“Lenin was certainly right. There is no subtler, no surer means of overturning the existing basis of society than to debauch the currency. The process engages all the hidden forces of economic law on the side of destruction, and does it in a manner which not one man in a million is able to diagnose.”John Maynard Keynes – The Economic Consequences of Peace 1920
“And when we see that we’ve reached that level we’ll begin to gradually reduce our asset purchases to the level of the underlying trend growth of demand for our liabilities.” –Jerome Powell January 29, 2020.
With that one seemingly innocuous statement, Chairman Powell revealed an alarming admission about the supply of money and your wealth. The current state of monetary policy explains why so many people are falling behind and why wealth inequality is at levels last seen almost 100 years ago.
“Real” is a very important concept in the field of economics. Real generally refers to an amount of something adjusted for the effects of inflation. This allows economists to measure true organic growth or decline.
Real is equally important for the rest of us. The size of our paycheck or bank account balance is meaningless without an understanding of what money can buy. For instance, an annual income of $25,000 in 1920 was about eight times the national average. Today that puts a family of four below the Federal Poverty Guideline. As your grandfather used to say, a dollar doesn’t go as far as it used to.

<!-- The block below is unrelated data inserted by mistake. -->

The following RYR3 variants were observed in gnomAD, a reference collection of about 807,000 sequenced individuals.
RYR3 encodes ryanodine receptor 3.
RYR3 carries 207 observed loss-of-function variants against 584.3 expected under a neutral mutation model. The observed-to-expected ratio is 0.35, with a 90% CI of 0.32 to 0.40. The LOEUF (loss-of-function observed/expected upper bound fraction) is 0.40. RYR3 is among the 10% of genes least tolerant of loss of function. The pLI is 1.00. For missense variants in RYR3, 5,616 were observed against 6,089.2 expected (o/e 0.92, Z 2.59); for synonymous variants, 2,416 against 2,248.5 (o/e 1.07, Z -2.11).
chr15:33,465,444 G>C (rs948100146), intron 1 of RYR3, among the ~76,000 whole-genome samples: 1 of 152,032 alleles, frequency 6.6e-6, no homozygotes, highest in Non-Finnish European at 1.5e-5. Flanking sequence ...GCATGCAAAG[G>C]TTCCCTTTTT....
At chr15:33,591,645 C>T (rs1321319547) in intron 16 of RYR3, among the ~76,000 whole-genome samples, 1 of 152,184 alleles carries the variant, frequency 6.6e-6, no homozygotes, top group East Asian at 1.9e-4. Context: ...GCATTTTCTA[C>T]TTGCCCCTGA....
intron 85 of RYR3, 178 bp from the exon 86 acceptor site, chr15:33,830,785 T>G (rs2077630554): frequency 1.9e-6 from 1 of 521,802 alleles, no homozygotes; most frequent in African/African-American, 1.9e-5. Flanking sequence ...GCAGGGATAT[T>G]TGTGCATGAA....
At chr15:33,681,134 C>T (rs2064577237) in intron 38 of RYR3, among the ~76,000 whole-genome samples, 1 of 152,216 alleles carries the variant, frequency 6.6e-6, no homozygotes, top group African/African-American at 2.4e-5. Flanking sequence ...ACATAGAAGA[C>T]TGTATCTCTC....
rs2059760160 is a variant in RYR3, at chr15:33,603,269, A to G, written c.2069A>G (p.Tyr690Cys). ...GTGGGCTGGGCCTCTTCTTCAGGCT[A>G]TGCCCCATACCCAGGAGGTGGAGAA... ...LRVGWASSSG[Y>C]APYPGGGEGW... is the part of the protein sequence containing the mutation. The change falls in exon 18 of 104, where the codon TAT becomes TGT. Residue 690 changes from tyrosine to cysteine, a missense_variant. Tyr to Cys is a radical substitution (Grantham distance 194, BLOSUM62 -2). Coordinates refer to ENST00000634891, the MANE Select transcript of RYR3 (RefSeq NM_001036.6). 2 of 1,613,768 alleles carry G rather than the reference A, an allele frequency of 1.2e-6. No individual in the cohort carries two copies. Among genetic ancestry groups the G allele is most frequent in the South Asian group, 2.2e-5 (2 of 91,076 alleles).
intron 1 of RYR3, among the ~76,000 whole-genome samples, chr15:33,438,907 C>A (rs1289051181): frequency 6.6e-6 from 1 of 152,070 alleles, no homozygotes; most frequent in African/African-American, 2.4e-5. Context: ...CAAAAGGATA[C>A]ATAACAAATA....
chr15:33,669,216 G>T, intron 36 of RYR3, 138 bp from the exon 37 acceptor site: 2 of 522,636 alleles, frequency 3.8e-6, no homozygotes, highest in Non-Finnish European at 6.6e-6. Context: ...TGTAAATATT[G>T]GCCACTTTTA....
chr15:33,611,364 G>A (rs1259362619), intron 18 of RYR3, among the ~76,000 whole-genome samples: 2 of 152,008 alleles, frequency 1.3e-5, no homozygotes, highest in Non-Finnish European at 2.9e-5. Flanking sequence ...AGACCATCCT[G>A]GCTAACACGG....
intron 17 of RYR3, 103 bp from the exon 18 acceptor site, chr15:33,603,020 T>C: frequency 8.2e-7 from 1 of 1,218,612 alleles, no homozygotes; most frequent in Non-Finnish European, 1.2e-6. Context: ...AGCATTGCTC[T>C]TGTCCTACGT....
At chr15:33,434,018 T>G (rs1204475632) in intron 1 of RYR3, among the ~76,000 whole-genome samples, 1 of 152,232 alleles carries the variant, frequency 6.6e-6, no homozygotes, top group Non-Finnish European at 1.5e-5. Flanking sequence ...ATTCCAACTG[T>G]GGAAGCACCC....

Real wealth and real wage growth are important for assessing your economic standing and that of the nation.
Here are two facts:
- Wealth is largely a function of the wages we earn
- The wages we earn are predominately a function of the growth rate of the economy
These facts establish that the prosperity and wealth of all citizens in aggregate is meaningfully tied to economic growth or the output of a nation. It makes perfect sense.
Now, let us consider inflation and the role it plays in determining our real wages and real wealth.
If the rate of inflation is less than the rate of wage growth over time, then our real wages are rising and our wealth is increasing. Conversely, if inflation rises at a pace faster than wages, wealth declines despite a larger paycheck and more money in the bank.
With that understanding of “real,” let’s discuss inflation.
What is Inflation?
Borrowing from an upcoming article, we describe inflation in the following way:
“One of the most pernicious of these issues in our “modern and sophisticated” intellectual age is that of inflation. Most people, when asked to define inflation, would say “rising prices” with no appreciation for the fact that price movements are an effect, not a cause. They are a symptom of monetary circumstances. Inflation defined is, in fact, a disequilibrium between the amount of currency entering an economic system relative to the productive output of that same system.”